Ka Yaw Teo

Graduation Semester and Year




Document Type


Degree Name

Master of Science in Biomedical Engineering



First Advisor

Bumsoo Han


In order to cryopreserve functional engineered tissues (ETs), the microstructure of extracellular matrix (ECM) as well as the cellular viability should be maintained given that the functionality of ETs is closely related to the ECM microstructure. Since the post-thaw ECM microstructure is determined by the deformation of ETs during cryopreservation, the freezing-induced deformation of ETs was measured in the present study with a newly developed quantum dot (QD)-mediated cell image deformetry technique using dermal equivalents as a model system. The dermal equivalents were constructed by seeding QD-labeled fibroblasts in type I collagen matrices. After 24 hour incubation, the ETs were directionally frozen by exposing them to a spatial temperature gradient (from 4 °C to -20 °C over a distance of 6 mm). The ETs were consecutively imaged while being frozen. Consecutive pairs of these images were two-dimensionally cross-correlated to determine the local deformation during freezing. The results showed that freezing induced the deformation of ET, and its magnitude varied with both time and location. The maximum local dilatation was 0.006 s-1 and was always observed at the phase change interface. Due to this local expansion, the unfrozen region in front of the freezing interface experienced compression. This expansion-compression pattern was observed throughout the freezing process. In the unfrozen region, the deformation rate gradually decreased away from the freezing interface. After freezing/thawing, the ET experienced an approximately 28% decrease in thickness and 8% loss in weight. These results indicate that freezing-induced deformation caused the transport and extrusion of interstitial fluid. In summary, the results suggest that complex cell-fluid-matrix interactions occur within ETs during freezing, and these interactions determine the post-thaw ECM microstructure and eventual post-thaw tissue functionality.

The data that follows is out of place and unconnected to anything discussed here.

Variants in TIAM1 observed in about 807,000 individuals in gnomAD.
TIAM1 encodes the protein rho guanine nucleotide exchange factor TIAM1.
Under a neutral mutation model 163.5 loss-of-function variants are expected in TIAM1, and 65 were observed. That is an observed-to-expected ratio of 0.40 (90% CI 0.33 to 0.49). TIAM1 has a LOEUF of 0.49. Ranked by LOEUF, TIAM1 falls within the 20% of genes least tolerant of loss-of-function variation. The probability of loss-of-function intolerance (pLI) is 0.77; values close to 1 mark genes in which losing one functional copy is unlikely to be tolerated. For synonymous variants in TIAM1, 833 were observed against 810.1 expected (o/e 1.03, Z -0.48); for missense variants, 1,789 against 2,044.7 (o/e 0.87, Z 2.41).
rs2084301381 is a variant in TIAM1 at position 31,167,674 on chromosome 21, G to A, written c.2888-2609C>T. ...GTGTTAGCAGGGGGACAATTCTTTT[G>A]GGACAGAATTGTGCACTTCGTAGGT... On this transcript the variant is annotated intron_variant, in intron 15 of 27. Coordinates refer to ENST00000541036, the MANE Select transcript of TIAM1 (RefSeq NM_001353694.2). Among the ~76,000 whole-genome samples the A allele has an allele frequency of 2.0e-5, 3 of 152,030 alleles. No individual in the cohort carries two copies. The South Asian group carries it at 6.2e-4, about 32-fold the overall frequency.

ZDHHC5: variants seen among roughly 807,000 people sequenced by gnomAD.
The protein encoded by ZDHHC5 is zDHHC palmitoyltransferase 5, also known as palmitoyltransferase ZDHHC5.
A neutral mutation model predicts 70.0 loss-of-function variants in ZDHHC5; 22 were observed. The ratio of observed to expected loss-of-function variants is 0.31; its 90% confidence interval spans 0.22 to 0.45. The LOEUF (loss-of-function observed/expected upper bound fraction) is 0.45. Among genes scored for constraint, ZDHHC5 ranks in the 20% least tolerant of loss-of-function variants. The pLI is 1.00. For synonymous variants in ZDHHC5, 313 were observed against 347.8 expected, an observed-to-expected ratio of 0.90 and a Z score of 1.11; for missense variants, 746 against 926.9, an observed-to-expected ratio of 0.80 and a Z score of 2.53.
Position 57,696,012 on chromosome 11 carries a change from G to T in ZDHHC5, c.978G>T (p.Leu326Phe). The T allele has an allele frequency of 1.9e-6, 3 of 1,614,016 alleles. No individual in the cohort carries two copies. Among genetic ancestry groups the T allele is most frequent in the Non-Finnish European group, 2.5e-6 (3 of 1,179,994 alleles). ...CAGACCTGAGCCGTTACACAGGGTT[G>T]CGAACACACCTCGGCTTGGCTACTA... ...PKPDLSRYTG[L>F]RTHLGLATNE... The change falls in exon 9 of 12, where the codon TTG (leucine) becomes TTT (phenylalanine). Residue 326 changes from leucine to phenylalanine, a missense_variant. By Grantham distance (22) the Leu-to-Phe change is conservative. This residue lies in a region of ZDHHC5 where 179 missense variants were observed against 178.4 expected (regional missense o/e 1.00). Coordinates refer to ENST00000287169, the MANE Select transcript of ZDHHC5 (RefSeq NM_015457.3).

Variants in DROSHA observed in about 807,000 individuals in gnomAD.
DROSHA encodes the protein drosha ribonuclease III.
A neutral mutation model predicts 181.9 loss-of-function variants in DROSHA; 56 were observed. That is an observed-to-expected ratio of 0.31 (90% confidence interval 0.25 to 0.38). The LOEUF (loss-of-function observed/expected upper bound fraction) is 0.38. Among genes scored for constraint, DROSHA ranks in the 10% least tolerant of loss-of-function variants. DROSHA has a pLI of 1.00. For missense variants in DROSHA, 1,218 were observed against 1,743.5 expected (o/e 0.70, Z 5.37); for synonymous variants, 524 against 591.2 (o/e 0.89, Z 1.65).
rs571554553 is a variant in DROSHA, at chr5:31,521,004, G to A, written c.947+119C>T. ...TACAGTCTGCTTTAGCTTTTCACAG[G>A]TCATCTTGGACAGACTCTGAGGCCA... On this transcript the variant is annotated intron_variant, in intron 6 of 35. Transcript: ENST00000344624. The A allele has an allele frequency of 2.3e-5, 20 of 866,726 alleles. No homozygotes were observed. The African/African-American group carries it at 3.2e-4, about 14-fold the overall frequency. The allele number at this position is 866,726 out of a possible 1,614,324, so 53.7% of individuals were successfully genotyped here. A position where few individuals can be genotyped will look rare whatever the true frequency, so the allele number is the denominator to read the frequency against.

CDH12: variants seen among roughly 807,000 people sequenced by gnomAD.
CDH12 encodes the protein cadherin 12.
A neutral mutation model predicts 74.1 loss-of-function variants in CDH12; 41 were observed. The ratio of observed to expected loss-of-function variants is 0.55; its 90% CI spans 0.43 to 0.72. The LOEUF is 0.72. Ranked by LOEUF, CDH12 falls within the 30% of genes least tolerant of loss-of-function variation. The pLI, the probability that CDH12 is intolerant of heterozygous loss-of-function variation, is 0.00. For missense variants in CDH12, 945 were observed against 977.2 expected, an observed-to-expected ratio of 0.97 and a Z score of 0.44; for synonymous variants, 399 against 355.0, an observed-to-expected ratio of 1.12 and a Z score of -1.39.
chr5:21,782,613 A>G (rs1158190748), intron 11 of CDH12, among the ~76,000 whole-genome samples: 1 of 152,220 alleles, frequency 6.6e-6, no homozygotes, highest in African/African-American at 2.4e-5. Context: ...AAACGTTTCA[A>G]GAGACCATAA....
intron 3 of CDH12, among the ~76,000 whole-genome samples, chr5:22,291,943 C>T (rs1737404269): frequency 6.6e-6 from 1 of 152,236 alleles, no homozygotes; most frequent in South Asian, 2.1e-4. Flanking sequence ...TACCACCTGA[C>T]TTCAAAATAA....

Biomedical Engineering and Bioengineering | Engineering


Degree granted by The University of Texas at Arlington